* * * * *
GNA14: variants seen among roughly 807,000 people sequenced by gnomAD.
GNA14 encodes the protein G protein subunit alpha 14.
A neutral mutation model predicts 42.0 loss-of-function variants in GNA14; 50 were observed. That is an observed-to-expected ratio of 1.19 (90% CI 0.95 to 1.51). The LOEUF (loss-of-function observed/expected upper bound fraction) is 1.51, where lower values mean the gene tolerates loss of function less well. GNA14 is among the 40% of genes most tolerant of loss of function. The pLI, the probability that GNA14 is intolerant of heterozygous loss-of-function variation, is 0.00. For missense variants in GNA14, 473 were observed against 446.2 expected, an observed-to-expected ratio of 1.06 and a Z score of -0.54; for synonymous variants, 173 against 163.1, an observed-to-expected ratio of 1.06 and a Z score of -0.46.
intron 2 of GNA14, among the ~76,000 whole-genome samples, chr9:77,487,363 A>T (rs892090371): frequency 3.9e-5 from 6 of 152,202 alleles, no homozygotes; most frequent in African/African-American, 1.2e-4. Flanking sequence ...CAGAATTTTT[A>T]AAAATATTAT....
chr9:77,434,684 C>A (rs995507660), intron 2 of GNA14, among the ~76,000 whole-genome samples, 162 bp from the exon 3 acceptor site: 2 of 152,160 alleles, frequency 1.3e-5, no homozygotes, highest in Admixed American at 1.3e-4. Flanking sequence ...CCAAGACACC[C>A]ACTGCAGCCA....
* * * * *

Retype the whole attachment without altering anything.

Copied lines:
GNA14: variants seen among roughly 807,000 people sequenced by gnomAD.
GNA14 encodes the protein G protein subunit alpha 14.
A neutral mutation model predicts 42.0 loss-of-function variants in GNA14; 50 were observed. That is an observed-to-expected ratio of 1.19 (90% CI 0.95 to 1.51). The LOEUF (loss-of-function observed/expected upper bound fraction) is 1.51, where lower values mean the gene tolerates loss of function less well. GNA14 is among the 40% of genes most tolerant of loss of function. The pLI, the probability that GNA14 is intolerant of heterozygous loss-of-function variation, is 0.00. For missense variants in GNA14, 473 were observed against 446.2 expected, an observed-to-expected ratio of 1.06 and a Z score of -0.54; for synonymous variants, 173 against 163.1, an observed-to-expected ratio of 1.06 and a Z score of -0.46.
intron 2 of GNA14, among the ~76,000 whole-genome samples, chr9:77,487,363 A>T (rs892090371): frequency 3.9e-5 from 6 of 152,202 alleles, no homozygotes; most frequent in African/African-American, 1.2e-4. Flanking sequence ...CAGAATTTTT[A>T]AAAATATTAT....
chr9:77,434,684 C>A (rs995507660), intron 2 of GNA14, among the ~76,000 whole-genome samples, 162 bp from the exon 3 acceptor site: 2 of 152,160 alleles, frequency 1.3e-5, no homozygotes, highest in Admixed American at 1.3e-4. Flanking sequence ...CCAAGACACC[C>A]ACTGCAGCCA....